What They’re Watching – David Bergman

David Bergman is a Principal at Health Management Associates. He joins in this edition of “What They’re Watching” to discuss the innovative ways that health systems are leveraging smart strategies for data and creating tools for improving care delivery and financing.



There are a lot of interesting things happening around digital health and telemedicine; how the flow of information and funding is going from governments to payers to different kinds of providers, and how those tools are being actually used by consumers in order to drive behavior change that ultimately results in cost savings. It’s about delivering the right kind of care at the right place for the consumer when they’re ready to consume the care. 

You have to design these systems in a way that removes all the barriers, so that it’s really a seamless way that they’re interacting with different kinds of health systems. There’s also a component of this that’s about figuring out how you’re going to get reimbursed for this, and there are constant changes to how the federal government and states and plans are reimbursing for some of the services through these means as well. But there’s really a huge opportunity, particularly around addressing shortages, whether that’s because you are in a rural community or there are a dearth of providers of certain types or certain kinds of services that are not widely available.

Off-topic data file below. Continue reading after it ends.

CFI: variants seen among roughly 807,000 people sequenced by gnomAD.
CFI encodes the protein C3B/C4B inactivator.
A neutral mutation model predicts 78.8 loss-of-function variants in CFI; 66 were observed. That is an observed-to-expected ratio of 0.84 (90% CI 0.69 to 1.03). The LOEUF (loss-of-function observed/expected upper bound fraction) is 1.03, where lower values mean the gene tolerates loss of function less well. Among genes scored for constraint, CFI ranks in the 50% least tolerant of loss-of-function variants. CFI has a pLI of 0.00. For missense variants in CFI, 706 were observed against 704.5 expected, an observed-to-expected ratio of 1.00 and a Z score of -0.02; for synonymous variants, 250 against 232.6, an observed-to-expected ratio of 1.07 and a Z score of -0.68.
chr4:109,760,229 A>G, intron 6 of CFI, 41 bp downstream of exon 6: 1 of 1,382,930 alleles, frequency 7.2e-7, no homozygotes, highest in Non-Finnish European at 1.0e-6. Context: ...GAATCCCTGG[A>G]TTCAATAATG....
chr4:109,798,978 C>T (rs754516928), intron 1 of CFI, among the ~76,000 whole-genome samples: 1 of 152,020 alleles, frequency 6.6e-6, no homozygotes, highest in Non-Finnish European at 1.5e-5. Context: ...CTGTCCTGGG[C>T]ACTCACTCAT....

Medication assisted therapy is a big area where there are some opportunities to deliver that care digitally, and to do it in a safe and effective way. Often what you find is that individuals are suffering with some kind of opioid addiction, one of the barriers when they have to keep coming back for medication assisted therapy is that they have to travel long distances in order to get to a provider. By using digital health tools providers can stay in touch with them and continue to monitor progress and authorize the ongoing medication that supports their ultimate recovery. So, you’re removing a lot of these barriers and helping people achieve a level of recovery that would have otherwise been very difficult.”